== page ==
Don’t wear tight clothes, don’t wear loose clothes, don’t wear flirty clothes, modify your fashion if you don’t want to be raped

Always carry your keys in your hand, always be ready to defend yourself…

Always keep an eye, and a hand, on your drink, better yet, don’t drink

Make eye contact, but not suggestive eye contact

Be alert at all times – no listening to headphones, no talking on your cell phone, the attack could come at any time…

Vary your routine, you never know who’s watching…

Mark out “safe-houses” along your routes in case you need to run to one, make sure you run to a house with women in it

The men at this orientation were not taught similar precautions. They were not taught to protect themselves. Nor were they asked to consider their role in the precautions women were being told to take. They were not asked to look at themselves as anything other than Good Men, because clearly, only Very Bad Men hurt women. Monsters.

But none of the rules that women are supposed to follow in order to keep ourselves safe from Bad Men work. None of them kept me safe. None of them kept my friends safe. None of them will keep my daughters safe, or your daughters safe…

Because Bad Men are not the problem.

No, the Monster we must battle is not Bad Men, but the indifference, the blindness, of Good Men.

The indifference that makes it possible for Good Men to ignore the catcalls, the jokes, the threats, the violence of other Good Men.

The blindness that makes it possible for Good Men to ask me what I’ve done wrong to deserve the violence I experienced, what rule I broke. As if violence is like mud puddles – an inevitable inconvenience that women simply have to look out for and step around – and if we forget or get distracted and step into a puddle, well, that’s our own fault, isn’t it?

Welcome to the club. Stop playing the victim card.

You see, there is no message in The Rules about Good Men standing up to Bad Men. There is no message that sometimes the Bad Man in the room is your friend, your peer, your professor, your boss, your brother, you.

There is no message that being neutral in the presence of violence makes you complicit in that violence and revokes your Good Man status.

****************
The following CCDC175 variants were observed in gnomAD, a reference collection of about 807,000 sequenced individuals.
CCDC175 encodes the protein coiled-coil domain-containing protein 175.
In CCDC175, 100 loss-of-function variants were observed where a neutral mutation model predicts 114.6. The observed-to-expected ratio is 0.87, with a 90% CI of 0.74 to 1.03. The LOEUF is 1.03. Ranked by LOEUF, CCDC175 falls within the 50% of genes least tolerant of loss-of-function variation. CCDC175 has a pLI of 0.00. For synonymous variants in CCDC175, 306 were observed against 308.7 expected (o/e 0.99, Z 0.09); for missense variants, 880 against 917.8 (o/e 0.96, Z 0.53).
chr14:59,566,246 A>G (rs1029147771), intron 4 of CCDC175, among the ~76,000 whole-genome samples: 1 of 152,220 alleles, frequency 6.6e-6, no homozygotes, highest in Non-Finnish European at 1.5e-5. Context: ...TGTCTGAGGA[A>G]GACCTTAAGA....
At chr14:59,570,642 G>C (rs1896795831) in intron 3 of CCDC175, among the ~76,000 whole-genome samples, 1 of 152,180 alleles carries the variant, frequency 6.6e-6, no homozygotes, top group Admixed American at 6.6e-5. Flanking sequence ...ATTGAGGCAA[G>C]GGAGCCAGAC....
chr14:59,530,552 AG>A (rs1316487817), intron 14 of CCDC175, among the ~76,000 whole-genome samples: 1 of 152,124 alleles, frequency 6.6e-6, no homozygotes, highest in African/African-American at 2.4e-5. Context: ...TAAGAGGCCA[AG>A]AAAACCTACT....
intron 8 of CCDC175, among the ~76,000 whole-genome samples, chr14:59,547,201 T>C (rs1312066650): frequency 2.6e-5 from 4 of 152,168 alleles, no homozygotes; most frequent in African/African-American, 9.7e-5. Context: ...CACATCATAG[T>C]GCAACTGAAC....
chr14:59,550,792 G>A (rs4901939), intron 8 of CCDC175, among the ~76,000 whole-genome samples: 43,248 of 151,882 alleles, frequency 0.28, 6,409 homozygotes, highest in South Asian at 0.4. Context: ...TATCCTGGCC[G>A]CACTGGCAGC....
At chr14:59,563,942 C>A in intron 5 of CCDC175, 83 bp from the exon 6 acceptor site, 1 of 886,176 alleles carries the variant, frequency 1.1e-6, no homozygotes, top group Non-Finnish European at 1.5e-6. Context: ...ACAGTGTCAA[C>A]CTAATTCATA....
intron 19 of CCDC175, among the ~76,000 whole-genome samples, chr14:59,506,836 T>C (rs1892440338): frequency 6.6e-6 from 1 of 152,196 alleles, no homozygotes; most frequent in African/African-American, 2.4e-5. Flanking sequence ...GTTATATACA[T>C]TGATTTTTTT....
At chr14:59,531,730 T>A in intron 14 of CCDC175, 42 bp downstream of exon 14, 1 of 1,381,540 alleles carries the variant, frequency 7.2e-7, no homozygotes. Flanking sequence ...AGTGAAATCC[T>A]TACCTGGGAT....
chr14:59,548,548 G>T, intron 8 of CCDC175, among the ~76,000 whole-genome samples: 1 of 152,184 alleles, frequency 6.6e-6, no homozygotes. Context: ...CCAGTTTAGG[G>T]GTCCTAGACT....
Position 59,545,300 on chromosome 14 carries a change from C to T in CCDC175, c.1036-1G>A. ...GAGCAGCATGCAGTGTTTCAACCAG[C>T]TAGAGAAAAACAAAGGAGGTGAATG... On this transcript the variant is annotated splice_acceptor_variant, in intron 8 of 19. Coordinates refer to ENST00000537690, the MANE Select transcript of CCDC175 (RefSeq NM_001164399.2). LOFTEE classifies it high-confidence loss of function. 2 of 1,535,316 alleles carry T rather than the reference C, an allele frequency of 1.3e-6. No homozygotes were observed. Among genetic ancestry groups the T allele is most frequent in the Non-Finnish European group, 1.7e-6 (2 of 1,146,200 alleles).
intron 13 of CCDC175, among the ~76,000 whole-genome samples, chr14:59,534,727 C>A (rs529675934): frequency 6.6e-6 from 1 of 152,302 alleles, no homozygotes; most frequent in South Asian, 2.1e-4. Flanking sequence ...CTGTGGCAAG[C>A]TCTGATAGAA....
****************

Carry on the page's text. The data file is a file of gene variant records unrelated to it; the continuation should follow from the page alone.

The Good Men in that room were not asked to see, and so they did not.

Good Men, I am asking you to see.

It is not fair that men feel entitled to wear their Good Man badge every time they don’t actively, physically hurt a woman, while women feel grateful every time they simply survive another day in a world populated with men.

Good Men, do you feel that difference? Do you begin to see why we are tired of rewarding you for simply not killing us?

It is not enough.

So, Good Men, I will give you the message you’ve been missing. The message no one wants to give you lest it upset your fragile self-image as a white knight who is good simply by not being bad.

That is not enough.

It is not enough to not be a rapist, an attacker, a harasser.

That’s standard. That’s the default.

Good is something altogether more.

If you want to be Good Men, you must be good enough to say, “We should not hire someone who lists “pick up artist” on their resume, that creates an unsafe culture at our company.”

You must be good enough to say, “If an employee is threatened by a customer, we should ask that customer to leave rather than lose a good employee.”

You must be good enough to say, “It’s not okay to joke about other people in ways that dehumanize them. It’s not okay to talk about women as if they are meat.”

You must be good enough to say, “Leave. What you’re doing and saying is inappropriate and is making others feel unsafe.”

You must be good enough to say, “Back off, she said no.”

You must be good enough to hear “no” in the silent absence of a “yes” and act accordingly.

You must be good enough to hear, “I have been hurt before. I need you to approach with caution and kindness.” and not take it as an attack on your Goodness.

In order to be Good Men, you must open your eyes and ears and hearts. You must learn what violence looks like and sounds like so that you can call it out and tell the perpetrators to stop before it erupts.

You must be good enough to listen when women speak of the violence done to them, to believe them, and to not get angry at them for making you uncomfortable. If you respond with defensive anger, you are telling them that your comfort is more important than their safety, than their very life.

As Margaret Atwood so famously said, “Men are afraid women will laugh at them. Women are afraid men will kill them.”

If you want to earn your Good Man badge, you must be good enough to put women’s safety above your comfort. You must go beyond “not bad” and behave in ways that actively promote equality and justice.

“Not bad” is the default.

“Not bad” is neutral.

And neutral is the playground of the oppressor.

Welcome to the club.

 

(Note – this piece was written for one of my classes. A few of my fellow students wrote that they hoped I would publish it, so here it is. My regular readers will read/hear echoes of previous pieces, but I do believe this one ties many threads together into an approachable package. As always, feel free to share. Thank you.)

 

3 Comments

Filed under Of Course I'm a Feminist, Things that work